## How to Lie with Maps

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Sharp Racial Differences

These two maps display the same data from the racial composition of students in the Hartford area for the 2009-2010 academic year. Both of the data visualizations are mathematically correct, in that they both represent the accurate data, but the two maps are designed differently which can lead viewers to have inaccurate perceptions of the data. The first map shows Hartford and its surrounding neighborhoods as racially diverse by displaying a large number of buckets that divide the data and by using a good range of colors to represent a wide variety of racial compositions. The second map is only divided into three ranges: 0.0-0.25, 0.25-0.75, and 0.75-1.0 and visually it looks like there are sharp racial differences. The color choice goes from the lightest color representing the range with the smallest percentage of minorities to the darkest color representing the range with the largest percentage of racial minorities which causes the viewer to immediately recognize the sharp racial differences by town.

## Excercise 7: How To Lie With Maps

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Racial Diversity in Hartford Area Schools: 2009-10

Racial Diversity in Hartford Area Schools: 2009-10

The two maps above display the same information. Interestingly enough, I was able to use the same data and display two completely different interpretations of that data using Google Fusion Tables. Although both maps represent the same numerical data, the geographical representations may look entirely different because of the ability to switch the way each county is set up and the number of “buckets” (data sets) I wish to be shown on the map. The first visual map depicts a very diverse Hartford area, each bucket representing different percentages of minority students enrolled in schools. Because there are a total of six buckets represented in the first map, one can tell that the area being observed is diverse- one can see the different amounts of percentages in each area within the map that represent the differing town statistics. On the other hand, the second map shows very little diversity in the Hartford area. The data interpreted in the second map is exactly the same to the first, but the legend shows that in the second map there are only a few “buckets” of numerical data to be represented on the map. As one can see, the map then shows large amounts of shaded regions in one area of the map, whereas it looks less concentrated in the middle of the map. The simple alterations of the number of buckets being represented in both maps allows for the maps to depict same data in differing views-one showing more diversity (different shaded regions), and another one showing less diversity (large amounts of one color overbearing the entire map.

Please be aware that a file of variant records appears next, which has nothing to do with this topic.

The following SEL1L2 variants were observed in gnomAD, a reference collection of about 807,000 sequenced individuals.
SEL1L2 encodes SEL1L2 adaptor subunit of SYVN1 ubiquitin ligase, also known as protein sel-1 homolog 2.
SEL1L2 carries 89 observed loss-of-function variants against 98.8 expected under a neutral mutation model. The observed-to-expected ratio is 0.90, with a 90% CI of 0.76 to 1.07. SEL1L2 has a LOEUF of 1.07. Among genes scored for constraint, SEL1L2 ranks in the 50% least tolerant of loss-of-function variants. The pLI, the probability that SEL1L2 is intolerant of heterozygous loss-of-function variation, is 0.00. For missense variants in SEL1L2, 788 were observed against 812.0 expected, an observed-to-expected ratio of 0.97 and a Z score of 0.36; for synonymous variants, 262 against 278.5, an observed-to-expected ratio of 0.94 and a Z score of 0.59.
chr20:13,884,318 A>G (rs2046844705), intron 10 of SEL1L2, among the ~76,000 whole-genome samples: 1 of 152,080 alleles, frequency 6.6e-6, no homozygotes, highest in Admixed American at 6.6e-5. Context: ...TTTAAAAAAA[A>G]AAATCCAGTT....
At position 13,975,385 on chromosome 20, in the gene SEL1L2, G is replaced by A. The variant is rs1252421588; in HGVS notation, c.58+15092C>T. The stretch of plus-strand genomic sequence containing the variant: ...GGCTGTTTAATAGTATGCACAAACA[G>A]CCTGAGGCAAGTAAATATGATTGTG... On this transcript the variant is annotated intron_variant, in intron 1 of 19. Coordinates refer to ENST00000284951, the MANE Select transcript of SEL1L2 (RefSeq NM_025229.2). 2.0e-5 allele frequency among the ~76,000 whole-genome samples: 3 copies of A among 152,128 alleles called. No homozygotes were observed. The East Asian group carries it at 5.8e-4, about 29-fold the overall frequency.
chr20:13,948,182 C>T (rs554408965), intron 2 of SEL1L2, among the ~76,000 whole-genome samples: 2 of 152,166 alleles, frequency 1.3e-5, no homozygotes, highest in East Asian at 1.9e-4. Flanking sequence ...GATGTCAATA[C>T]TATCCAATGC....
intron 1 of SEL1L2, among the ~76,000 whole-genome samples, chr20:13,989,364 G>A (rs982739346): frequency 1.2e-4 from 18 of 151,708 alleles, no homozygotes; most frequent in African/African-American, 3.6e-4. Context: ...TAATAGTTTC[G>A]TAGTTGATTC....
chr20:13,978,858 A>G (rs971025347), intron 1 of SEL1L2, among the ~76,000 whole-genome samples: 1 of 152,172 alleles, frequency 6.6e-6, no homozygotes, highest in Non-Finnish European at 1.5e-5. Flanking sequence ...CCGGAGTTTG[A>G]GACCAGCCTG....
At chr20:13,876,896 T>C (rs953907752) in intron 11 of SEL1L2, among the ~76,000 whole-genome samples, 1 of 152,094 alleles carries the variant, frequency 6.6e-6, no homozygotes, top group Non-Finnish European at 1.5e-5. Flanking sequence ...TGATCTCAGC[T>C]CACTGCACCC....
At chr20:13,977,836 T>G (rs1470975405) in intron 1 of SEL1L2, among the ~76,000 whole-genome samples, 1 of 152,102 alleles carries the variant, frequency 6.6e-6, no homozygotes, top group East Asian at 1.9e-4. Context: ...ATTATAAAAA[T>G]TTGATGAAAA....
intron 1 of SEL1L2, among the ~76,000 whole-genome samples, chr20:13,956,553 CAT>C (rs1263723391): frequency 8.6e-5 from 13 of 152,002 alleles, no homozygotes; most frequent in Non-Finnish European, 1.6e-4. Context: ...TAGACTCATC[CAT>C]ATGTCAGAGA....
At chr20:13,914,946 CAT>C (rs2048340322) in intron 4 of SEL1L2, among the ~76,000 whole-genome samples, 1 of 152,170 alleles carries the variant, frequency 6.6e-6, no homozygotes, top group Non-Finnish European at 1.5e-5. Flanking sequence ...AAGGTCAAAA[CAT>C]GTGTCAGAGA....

## Lying with Maps

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How to Lie with Maps:

Map Depicting Much Racial Diversity in Hartford School Districts, 09-10

Map Depicting Little Racial Diversity in Hartford School Districts, 09-10

Both of these maps display the same data; however, each graph tells an entirely different story. The first graph depicts a racially diverse neighborhood. In contrast, the second graph shows a huge disparity between segregated schools and non segregated areas. The way in which I was able to portray such a disparity, was by selecting different margins for the data. For example, the first graph utilizes over five different “buckets” as denoted on Google Fusion Tables. These “buckets” represent categories of change in terms of percentages. In the second graph, however, I only used two “buckets.” Therefore though the data is the same, the numbers are presented quite differently, giving what appears to be different results.

## Exercise 7: How To Lie With Maps

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Sharp Racial Divisions